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August 30, 2014

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Bellagio extends ‘Figuratively Speaking’

No excuse to miss this show

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Beach/bath towel” by Yoshitomo Nara. Works by Nara on display at the Bellagio Gallery of Fine Art for Figuratively Speaking: A Survey of the Human Form opening through March 27, 2011.

Click to enlarge photo

Roy Lichtenstein's "Untitled (From the New York Collection for Stockholm Series)"

It’s surprising that not everyone in town has ventured down to the Bellagio Gallery of Fine Art to see what is possibly one of the best shows to hit Las Vegas.

Calendar

Figuratively Speaking: A Survey of the Human Form
Through March 27, Sunday through Tuesday and Thursday from 10 a.m. to 6 p.m., and Wednesday, Friday and Saturday from 10 a.m. to 7 p.m.,
$15; $12 for Nevada residents and seniors 65 and older; $10 for students, teachers and military; free for children 12 and younger, (702) 693-7871.

The fact that Figuratively Speaking: A Survey of the Human Form has just been extended through March 27 shouldn’t give you reason to put it off even longer. This is an exhibit you’ll want to experience more than once.

Curated by gallery director Tarissa Tiberti, Figuratively taps into the collections of the Museum of Fine Arts in Boston, the Museum of Contemporary Art in San Diego and MGM Resorts’ own stash for a varied and intelligent array.

The 40 paintings by 29 artists offer a rich look into creative processes, art movements and diverse media that have transpired throughout history, placing Pablo Picasso, Andre Derain, Edward Degas, Cindy Sherman, Yoshitomo Nara and Keith Haring at the same visual party.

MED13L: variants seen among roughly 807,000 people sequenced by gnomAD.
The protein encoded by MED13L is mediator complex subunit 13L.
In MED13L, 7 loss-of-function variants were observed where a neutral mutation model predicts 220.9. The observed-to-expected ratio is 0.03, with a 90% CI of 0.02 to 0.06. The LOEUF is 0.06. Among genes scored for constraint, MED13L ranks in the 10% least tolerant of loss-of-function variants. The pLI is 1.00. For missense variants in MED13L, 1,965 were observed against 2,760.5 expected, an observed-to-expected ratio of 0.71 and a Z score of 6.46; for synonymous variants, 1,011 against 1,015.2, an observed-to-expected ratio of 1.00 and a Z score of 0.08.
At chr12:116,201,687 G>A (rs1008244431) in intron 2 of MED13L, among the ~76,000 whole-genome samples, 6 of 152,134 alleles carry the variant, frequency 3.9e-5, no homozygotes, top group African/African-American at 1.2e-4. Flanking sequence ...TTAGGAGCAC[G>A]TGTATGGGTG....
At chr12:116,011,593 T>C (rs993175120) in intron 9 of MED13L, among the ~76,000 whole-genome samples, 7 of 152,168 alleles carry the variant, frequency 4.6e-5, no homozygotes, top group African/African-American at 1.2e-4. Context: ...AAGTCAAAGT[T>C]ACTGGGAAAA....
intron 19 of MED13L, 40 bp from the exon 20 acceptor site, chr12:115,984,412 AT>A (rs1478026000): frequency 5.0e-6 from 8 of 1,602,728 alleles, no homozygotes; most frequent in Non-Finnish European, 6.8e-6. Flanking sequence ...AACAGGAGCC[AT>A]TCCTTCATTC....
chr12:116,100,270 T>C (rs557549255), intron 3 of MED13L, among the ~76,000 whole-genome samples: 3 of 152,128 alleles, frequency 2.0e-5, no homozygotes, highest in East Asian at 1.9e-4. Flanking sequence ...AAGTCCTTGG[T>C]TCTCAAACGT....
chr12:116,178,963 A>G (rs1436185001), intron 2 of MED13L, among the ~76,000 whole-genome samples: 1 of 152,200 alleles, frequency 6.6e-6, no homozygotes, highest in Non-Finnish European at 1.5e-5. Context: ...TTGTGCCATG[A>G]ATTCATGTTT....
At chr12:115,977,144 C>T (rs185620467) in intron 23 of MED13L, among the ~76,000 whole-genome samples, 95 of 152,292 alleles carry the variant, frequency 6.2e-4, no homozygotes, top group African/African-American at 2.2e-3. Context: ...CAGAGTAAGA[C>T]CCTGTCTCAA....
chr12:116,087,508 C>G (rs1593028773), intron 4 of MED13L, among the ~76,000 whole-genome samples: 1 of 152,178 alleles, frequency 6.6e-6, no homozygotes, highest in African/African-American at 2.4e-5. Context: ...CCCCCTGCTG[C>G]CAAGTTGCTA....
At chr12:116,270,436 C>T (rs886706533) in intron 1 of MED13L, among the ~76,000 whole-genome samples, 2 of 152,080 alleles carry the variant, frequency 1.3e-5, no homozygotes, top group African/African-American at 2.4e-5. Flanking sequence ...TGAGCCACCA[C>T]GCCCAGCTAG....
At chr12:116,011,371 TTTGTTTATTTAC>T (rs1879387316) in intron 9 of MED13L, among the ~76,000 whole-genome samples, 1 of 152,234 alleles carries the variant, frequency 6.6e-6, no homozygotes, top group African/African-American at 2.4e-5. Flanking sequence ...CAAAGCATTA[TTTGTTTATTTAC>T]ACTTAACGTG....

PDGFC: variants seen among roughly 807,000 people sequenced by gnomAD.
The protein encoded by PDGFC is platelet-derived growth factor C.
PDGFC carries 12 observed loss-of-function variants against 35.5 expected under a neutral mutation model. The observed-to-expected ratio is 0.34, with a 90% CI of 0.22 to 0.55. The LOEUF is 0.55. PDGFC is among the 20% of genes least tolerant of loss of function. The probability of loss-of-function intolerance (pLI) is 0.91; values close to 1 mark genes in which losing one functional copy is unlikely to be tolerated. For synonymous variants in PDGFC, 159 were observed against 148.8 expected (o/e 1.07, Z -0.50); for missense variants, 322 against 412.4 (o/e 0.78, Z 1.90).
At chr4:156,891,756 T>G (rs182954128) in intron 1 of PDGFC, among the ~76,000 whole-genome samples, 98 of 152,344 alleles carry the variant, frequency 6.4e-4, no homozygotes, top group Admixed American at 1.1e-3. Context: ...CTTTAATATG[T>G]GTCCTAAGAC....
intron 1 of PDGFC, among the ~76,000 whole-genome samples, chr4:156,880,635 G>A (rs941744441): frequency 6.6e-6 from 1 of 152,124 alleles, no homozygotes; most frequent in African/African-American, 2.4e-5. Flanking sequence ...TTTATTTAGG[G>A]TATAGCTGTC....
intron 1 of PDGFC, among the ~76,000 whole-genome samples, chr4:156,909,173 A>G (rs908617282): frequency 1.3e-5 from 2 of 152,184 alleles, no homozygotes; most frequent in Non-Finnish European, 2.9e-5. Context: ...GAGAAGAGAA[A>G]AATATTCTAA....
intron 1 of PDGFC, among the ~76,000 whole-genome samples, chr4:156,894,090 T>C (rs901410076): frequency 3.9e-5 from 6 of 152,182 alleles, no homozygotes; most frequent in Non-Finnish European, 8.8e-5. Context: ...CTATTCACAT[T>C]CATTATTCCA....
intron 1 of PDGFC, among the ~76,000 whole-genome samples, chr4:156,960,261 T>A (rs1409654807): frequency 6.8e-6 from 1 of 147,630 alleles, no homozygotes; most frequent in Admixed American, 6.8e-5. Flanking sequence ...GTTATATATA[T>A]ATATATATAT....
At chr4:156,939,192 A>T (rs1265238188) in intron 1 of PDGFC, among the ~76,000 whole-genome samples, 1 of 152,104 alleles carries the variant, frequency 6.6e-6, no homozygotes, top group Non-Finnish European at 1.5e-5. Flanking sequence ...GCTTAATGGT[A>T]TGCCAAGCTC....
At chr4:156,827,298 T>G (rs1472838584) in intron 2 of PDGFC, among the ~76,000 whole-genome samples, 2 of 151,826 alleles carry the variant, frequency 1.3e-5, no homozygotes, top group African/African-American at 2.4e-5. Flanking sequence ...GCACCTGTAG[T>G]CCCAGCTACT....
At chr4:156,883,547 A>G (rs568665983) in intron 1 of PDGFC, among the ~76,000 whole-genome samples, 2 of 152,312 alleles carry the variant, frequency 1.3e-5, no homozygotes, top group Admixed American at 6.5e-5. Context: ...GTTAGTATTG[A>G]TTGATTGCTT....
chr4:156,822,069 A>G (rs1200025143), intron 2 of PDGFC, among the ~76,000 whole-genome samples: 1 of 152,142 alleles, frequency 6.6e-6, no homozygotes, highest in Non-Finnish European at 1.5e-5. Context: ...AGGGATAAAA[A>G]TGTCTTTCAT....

The exhibit is not chronologically arranged, creating a lively and engaging conversation in which Fernand Leger, Alberto Giacometti, Tony Ourlser Barbara Kruger, Milton Avery, Joseph Cornell and Chuck Close chime in, some responding to the others.

Highlights include Lichtenstein's "Art Critic," Picasso's "Woman With Beret," Derain's "Genevieve Taillade in an Orange Jacket" and Oursler's "Stepfather" — a suspended orb with a large digital projection of a close-up moving eyeball and audio of television clips.

The show has been so well received that Tiberti says that the gallery has had record visitor numbers. The stragglers might want to get a move on. On April 16, the Bellagio Gallery opens A Sense of Place: Landscapes From Monet to Hockney.

Figuratively Speaking: A Survey of the Human Form, Sunday through Tuesday and Thursday from 10 a.m. to 6 p.m., and Wednesday, Friday and Saturday from 10 a.m. to 7 p.m., through March 27, $15; $12 for Nevada residents and seniors 65 and older; $10 for students, teachers and military; free for children 12 and younger, (702) 693-7871.

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